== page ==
I’m also currently working on ERAS protocols for my practice as well as the use of ketamine infusions for intraoperative and postoperative pain and recovery.

Lidocaine infusions for pain

From Anesthesiology 2017

BJA Educ, April 2016. Intravenous lidocaine for acute pain: an evidence-based clinical update

Lidocaine Infusion for Perioperative Pain Management – Vanderbilt

Cocharane Library, July 2015. Continuous intravenous perioperative lidocaine infusion for postoperative pain and recovery.

Perioperative Use of Intravenous Lidocaine. Anesthesiology 4 2017, Vol.126, 729-737.

30tt01

Open Access Journals, Jan 2017. Lidocaine Infusion: A Promising Therapeutic Approach for Chronic Pain.

Anesthesiology, April 2017. Perioperative use of IV lidocaine.

From Jama Surgery 2017

 

Here’s what I’m currently using:

  • October 2017
    • Lidocaine bolus: 1.5mg/kg on induction
    • Infusion: 2-3mg/kg/hr after induction to end surgery
    • If cardiac on CPB: bolus 1.5mg/kg on induction; Infusion: 4 mg/min x 48 hrs or discharge from ICU; On CPB bolus 4 mg/kg.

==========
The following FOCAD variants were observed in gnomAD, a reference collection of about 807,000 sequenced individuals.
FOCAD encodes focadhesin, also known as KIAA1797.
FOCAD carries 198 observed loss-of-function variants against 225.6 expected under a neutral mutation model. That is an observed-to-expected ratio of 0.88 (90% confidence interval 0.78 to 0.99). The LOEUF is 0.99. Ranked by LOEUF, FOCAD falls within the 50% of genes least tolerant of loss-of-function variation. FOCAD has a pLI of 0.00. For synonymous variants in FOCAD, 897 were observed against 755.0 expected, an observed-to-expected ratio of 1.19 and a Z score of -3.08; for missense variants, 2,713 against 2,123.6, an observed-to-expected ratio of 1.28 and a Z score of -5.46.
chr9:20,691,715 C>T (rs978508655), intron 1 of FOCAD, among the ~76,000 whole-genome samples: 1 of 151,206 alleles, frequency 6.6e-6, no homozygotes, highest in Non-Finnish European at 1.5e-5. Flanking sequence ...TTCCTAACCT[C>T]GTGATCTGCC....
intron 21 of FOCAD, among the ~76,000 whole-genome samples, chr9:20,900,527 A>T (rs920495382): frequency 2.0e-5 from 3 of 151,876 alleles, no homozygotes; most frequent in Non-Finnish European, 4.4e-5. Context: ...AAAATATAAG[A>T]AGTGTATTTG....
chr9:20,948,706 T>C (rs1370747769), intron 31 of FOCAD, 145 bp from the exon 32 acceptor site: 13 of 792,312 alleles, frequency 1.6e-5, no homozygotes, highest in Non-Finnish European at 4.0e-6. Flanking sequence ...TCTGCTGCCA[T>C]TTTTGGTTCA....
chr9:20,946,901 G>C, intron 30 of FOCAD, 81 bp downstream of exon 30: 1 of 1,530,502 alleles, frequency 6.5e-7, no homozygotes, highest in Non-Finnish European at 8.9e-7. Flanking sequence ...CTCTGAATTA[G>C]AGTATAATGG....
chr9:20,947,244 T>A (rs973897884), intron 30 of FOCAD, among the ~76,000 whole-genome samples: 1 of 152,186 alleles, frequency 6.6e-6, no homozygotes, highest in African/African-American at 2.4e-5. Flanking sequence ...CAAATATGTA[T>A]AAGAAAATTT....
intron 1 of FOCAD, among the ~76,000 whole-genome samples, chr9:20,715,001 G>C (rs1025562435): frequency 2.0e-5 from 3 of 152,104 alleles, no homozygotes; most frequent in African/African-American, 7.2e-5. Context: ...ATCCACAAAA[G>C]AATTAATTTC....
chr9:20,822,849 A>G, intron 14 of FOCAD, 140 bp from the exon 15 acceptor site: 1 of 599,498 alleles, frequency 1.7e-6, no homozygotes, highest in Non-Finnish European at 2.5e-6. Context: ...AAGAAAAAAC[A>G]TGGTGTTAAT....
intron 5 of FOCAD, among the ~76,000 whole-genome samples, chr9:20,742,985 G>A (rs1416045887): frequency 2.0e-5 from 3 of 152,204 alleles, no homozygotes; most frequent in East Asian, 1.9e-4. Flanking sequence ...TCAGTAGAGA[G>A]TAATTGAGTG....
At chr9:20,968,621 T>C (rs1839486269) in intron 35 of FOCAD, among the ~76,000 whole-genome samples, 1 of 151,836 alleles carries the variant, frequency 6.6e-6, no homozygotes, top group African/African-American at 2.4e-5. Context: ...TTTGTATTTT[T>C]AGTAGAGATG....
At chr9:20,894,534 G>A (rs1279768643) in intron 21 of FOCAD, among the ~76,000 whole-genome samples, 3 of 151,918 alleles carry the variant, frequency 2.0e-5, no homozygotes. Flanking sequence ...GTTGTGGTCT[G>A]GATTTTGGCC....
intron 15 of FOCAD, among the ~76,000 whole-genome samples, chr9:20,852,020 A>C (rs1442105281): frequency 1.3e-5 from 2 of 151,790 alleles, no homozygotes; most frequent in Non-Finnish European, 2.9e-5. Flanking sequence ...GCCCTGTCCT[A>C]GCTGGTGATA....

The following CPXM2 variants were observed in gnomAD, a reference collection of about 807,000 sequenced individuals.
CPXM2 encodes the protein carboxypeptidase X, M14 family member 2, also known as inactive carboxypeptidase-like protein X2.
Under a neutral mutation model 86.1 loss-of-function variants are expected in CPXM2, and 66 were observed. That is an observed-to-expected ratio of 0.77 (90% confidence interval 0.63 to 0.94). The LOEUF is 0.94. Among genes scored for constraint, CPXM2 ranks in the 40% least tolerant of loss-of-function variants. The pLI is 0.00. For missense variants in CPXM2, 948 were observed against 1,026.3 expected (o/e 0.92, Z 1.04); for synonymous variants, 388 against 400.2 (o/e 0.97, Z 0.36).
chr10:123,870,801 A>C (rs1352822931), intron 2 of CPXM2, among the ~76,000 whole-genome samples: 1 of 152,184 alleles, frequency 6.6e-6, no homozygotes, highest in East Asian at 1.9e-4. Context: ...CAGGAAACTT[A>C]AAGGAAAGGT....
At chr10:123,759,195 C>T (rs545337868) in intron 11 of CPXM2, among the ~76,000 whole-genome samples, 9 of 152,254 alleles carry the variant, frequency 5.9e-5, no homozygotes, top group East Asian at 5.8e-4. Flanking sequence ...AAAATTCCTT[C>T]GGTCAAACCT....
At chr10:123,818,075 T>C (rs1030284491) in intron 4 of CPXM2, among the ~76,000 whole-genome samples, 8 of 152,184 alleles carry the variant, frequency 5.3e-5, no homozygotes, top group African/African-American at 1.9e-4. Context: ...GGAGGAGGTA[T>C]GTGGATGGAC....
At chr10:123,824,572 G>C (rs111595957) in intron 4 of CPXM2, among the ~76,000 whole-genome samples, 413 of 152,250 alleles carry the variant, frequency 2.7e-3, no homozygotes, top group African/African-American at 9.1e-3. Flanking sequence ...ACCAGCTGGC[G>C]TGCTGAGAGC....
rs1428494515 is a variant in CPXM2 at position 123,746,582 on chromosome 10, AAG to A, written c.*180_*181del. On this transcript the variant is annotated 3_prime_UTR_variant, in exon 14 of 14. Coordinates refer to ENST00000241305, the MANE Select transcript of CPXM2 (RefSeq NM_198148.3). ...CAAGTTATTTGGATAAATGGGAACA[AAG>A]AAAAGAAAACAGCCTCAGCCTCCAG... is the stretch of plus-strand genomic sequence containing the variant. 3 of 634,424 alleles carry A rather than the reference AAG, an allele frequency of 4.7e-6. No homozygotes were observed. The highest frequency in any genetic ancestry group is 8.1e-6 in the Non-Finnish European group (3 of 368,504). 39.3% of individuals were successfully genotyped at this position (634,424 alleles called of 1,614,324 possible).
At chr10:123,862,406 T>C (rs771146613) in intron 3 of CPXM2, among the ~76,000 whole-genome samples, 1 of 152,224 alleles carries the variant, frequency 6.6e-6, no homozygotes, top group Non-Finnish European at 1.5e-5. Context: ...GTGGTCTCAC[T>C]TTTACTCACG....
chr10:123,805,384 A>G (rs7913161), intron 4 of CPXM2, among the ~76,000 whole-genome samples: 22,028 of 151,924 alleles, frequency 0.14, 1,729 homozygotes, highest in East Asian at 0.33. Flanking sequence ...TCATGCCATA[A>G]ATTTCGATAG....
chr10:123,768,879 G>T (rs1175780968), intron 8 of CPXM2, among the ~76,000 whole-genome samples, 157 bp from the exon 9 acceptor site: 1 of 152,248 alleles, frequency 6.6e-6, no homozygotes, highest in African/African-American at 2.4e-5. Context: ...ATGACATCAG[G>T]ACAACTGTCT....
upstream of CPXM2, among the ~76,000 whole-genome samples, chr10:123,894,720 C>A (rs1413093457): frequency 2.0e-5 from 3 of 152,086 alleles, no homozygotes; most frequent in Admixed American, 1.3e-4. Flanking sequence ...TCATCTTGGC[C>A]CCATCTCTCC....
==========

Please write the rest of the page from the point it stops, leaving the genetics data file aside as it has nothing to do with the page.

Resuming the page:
I’m also currently working on ERAS protocols for my practice as well as the use of ketamine infusions for intraoperative and postoperative pain and recovery.

Blunting hemodynamic response to tracheal intubation #anesthesia

2% Lidocaine HCl preparation, pre-filled AbboJ...
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https://secure.muhealth.org/~ed/students/articles/AnesthAnalg_72_p0482.pdf

This is an older study done that looked at placebo, lidocaine, fentanyl, and esmolol to blunt the effects of tracheal intubation/DL that typically occurs with it.  They looked at MAP/SBP and HR.  From their data, it appears that esmolol is the winner.  However, the doses of medication were not titrated to body weight.  It seems that everyone got the same dose.  Also, looks like everyone received pancuronium, a nice cardioaccelerator.  But, for what it’s worth, I can see using esmolol on pt’s who need perfect HR/BP control and no CHF.